just bee conscious clothing

• Just Bee
Wearable, sendable reminders of who we really are;
perfect, whole & lit frOM within!!
On purpose; for a purpose! • Always, all ways!

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Info on Bees
Here are some fun and funny factiods from the days before Just Bee came to bee ...
As a kid I (Lori) used to sing the Baby Bumblebee song all the time with my mom.

In the fall of 2001, at a farmers & craft market in Salt Lake City, I fell in love with and bought this cute little bottlecap magnet with a bee in it. A foretelling of things to come? It's still on my refrigerator!

In 2002 I got my first ever bee sting. Turns out I'm allergic to bees!!   :0)

I lived in Utah, the  Beehive State for 19 years!
 Utah's baseball farm team is ... The Bees.  

Okay, so you'd like some real facts about bees?
There's an aw-full lot to bee told about bees! Bee-fore we show you what we found, we encourage you to do your own research as well! Here goes ...

Bees spread life! Bees are pollinators. Pollinators make possible the fruits, nuts and vegetables we eat – an estimated 1/3rd (1 out of every 3 bites) of all the food we eat; an estimated $15 billion worth of fruits, vegetables, nuts and agricultural seeds annually in the U.S. alone.

Did you know that California supplies 80% of the world’s almonds?!! And, it is bee-cause – thanks to – the mighty honey bee.

Bees also pollinate the cotton we grow for our clothes and the ground cover plants that hold our homes together by preventing erosion.

Bees bring life to all the flowers, trees and plants in forests, grasslands and jungles – vast ecosystems that provide habitat for animals and humans alike, and produce life-giving oxygen for the planet.

Honey bees fly approximately 15 mph and visit about 50-100 flowers in each pollination trip. To produce just one pound of honey, honey bees must fly 55,000 miles and visit 2,000,000 flowers!

It takes a hive to make honey and every bee counts! An average worker bee can only make 1/12 of a teaspoon of honey in its lifetime, but a honey bee colony can produce 60 – 100 pounds of honey a year!

The Hive: An average hive is about 50,000 bees; drones (males), worker bees (females) and a queen bee. Bees do a lot in their short lives. Drone bees live 40-50 days, worker bees 1-4 months and queen bees 2-5 years.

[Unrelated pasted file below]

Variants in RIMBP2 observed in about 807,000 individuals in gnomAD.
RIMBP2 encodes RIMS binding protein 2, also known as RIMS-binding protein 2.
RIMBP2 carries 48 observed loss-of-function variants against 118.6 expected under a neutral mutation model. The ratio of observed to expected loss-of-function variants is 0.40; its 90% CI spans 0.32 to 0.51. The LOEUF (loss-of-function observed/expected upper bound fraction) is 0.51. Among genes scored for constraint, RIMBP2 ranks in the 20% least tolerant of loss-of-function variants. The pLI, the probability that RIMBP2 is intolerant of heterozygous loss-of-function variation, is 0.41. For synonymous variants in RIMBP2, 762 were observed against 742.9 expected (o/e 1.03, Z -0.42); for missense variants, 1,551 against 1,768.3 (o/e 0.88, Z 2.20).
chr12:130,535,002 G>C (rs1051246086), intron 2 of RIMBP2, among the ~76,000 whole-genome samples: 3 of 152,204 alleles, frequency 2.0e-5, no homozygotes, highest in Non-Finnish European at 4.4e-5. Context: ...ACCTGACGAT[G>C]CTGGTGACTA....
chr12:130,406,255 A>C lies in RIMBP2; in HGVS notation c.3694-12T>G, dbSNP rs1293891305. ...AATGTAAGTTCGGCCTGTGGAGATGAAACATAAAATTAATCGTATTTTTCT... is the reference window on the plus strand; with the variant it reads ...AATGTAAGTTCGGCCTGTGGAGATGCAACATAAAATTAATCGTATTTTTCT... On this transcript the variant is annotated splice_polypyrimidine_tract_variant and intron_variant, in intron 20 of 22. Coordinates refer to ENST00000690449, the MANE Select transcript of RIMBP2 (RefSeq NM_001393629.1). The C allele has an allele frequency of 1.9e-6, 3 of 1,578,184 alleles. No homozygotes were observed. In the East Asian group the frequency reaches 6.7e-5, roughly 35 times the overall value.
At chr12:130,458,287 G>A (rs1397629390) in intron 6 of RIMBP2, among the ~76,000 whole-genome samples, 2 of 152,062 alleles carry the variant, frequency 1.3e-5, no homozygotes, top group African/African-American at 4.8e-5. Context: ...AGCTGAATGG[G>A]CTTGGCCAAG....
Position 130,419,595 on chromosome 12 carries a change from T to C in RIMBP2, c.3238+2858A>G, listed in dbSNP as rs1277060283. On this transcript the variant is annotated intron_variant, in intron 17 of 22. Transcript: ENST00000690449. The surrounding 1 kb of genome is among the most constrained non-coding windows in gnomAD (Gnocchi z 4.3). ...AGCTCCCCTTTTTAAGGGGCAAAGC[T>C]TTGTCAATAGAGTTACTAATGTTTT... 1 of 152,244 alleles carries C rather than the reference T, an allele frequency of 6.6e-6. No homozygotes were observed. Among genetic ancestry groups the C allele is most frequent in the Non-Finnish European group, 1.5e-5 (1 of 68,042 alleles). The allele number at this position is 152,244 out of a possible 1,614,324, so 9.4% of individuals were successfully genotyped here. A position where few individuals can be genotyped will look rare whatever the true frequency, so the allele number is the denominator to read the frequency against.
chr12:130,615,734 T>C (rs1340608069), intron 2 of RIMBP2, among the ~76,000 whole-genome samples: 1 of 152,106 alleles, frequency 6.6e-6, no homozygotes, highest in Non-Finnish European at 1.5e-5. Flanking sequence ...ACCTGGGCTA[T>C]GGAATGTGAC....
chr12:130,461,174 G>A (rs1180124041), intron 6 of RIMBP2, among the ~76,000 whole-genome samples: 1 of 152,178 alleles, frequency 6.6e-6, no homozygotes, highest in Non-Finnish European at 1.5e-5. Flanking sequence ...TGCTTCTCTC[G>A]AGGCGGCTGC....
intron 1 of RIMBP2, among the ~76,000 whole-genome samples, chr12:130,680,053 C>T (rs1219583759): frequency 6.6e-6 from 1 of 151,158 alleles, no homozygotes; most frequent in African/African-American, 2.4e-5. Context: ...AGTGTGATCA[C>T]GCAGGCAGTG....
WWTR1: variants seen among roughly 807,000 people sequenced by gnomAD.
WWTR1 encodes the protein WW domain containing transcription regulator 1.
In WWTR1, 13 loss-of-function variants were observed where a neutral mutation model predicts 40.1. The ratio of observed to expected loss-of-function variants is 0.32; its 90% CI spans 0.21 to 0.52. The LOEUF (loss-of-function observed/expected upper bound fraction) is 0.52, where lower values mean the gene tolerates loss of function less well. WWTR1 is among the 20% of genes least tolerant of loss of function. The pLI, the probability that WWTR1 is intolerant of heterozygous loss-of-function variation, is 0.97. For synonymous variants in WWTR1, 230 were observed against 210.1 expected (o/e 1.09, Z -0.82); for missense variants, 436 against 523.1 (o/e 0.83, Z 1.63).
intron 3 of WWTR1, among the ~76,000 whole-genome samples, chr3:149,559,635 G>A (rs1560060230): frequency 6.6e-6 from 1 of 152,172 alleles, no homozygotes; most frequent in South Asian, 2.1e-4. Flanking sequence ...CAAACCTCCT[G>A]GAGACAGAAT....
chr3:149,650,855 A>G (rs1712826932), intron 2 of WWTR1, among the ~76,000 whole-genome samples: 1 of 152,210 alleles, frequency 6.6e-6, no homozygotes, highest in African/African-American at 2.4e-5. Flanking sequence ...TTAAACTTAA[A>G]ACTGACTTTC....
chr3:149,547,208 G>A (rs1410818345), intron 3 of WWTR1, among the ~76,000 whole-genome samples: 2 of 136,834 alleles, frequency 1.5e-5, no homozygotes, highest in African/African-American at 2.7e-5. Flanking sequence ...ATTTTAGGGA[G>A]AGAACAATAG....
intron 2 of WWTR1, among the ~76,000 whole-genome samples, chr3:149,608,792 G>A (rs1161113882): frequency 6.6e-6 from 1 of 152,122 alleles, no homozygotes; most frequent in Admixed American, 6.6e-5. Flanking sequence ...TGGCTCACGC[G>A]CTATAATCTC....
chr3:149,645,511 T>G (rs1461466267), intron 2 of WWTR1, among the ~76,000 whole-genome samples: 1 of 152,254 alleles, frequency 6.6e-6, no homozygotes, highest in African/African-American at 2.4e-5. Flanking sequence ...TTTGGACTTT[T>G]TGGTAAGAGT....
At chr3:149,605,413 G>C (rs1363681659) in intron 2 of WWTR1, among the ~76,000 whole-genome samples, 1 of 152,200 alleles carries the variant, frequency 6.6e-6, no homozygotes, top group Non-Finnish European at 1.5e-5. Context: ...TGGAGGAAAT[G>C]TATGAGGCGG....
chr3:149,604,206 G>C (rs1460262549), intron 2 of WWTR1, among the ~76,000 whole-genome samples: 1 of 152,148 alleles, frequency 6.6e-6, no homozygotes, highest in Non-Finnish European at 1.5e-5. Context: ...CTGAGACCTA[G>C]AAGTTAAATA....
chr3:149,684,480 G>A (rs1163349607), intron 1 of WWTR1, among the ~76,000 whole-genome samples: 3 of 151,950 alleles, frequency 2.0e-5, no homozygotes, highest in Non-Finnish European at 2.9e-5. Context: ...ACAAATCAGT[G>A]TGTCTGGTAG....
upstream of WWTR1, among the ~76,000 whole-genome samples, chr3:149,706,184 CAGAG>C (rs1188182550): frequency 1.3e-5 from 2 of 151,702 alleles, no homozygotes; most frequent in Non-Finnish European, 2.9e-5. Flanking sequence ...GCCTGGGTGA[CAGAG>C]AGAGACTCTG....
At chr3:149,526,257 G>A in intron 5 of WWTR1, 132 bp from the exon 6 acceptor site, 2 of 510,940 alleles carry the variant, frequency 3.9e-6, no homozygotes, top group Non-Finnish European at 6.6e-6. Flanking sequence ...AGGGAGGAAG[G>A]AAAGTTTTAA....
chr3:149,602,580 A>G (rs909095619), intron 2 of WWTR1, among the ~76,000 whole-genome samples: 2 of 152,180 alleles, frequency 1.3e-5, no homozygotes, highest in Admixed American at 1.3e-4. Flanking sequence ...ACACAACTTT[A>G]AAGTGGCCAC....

The distinctive buzz of the honey bee comes from its wing strokes – 11,000 strokes a minute!

Did you know that bees favorite color is violet? Possibly to coincide with the most nectar-rich flowers.

Troubles in the bee world = troubles for humans!

Over the last several years, more than 25% of the honey bee population in the U.S. has vanished.

Why should we care? Bees and pollinators spread life, make possible food for humans and eco-systems which provide oxygen. Without honey bees 1/3rd of our food supply is in jeopardy.

Research indicates a variety of causes for the decline in the bee population. Here are a few hypothesis:
Colony Collapse Disorder (CCD). CCD – which causes bees to suddenly leave their hive and die – unfortunately remains much of a mystery to beekeepers and scientists worldwide. CCD symptoms have been reported by more than 35 states in the U.S. and in provinces in Canada, Belgium and Spain.
What about viruses? Israeli Acute Paralysis Virus (IAPV) is highly associated with CCD.
Chemical exposure? Pollen in CCD-affected hives show levels of 45 different types of insecticides, fungicides and herbicides.
Could it bee a parasite? Varroa mites – inadvertently introduced into the U.S. in 1987 – are tiny, brown parasitic relatives of ticks that feed exclusively on honey bees.

Drought or lack of nutrition? Limited supply of good pollen and nectar supplies may bee due to drought, in turn impacting honey bees.

Raw honey rocks!!
Here’s what we found out about raw honey, but again, don’t listen to us, do your own research and see what you find out about raw honey and how it might impact and/or serve you in your own life.

Unprocessed honey, straight from the hive, has been used worldwide for millennia to promote healing and for centuries as a home remedy for all kinds of things.

Raw honey is composed primarily of carbohydrates and water, but more importantly contains small amounts of a wide array of vitamins – including Vitamins A, B complex, C, D, E, and K – and minerals – including beta-carotene, niacin, riboflavin, pantothenic acid, calcium, copper, iron, magnesium, manganese, phosphorus, potassium and zinc – and enzymes. The stronger and darker the honey, the richer the mineral content!

Antioxidants found in raw honey are compounds that provide natural defenses against cell damage by neutralizing unstable oxygen molecules known as free radicals. Honey contains a variety of flavonoids and phenolic acids, which act as antioxidants, scavenging, countering and eliminating the toxic effects of free radicals, which have been shown can cause DNA damage leading to a variety of unwanted, age-related problems.

Antioxidant compounds in raw honey are believed to aid the body in fighting a host of diseases. Honey contains high antioxidant levels equivalent to those found in spinach and strawberries. Unique to honey is pinocembrin, an antioxidant associated with improved brain functioning.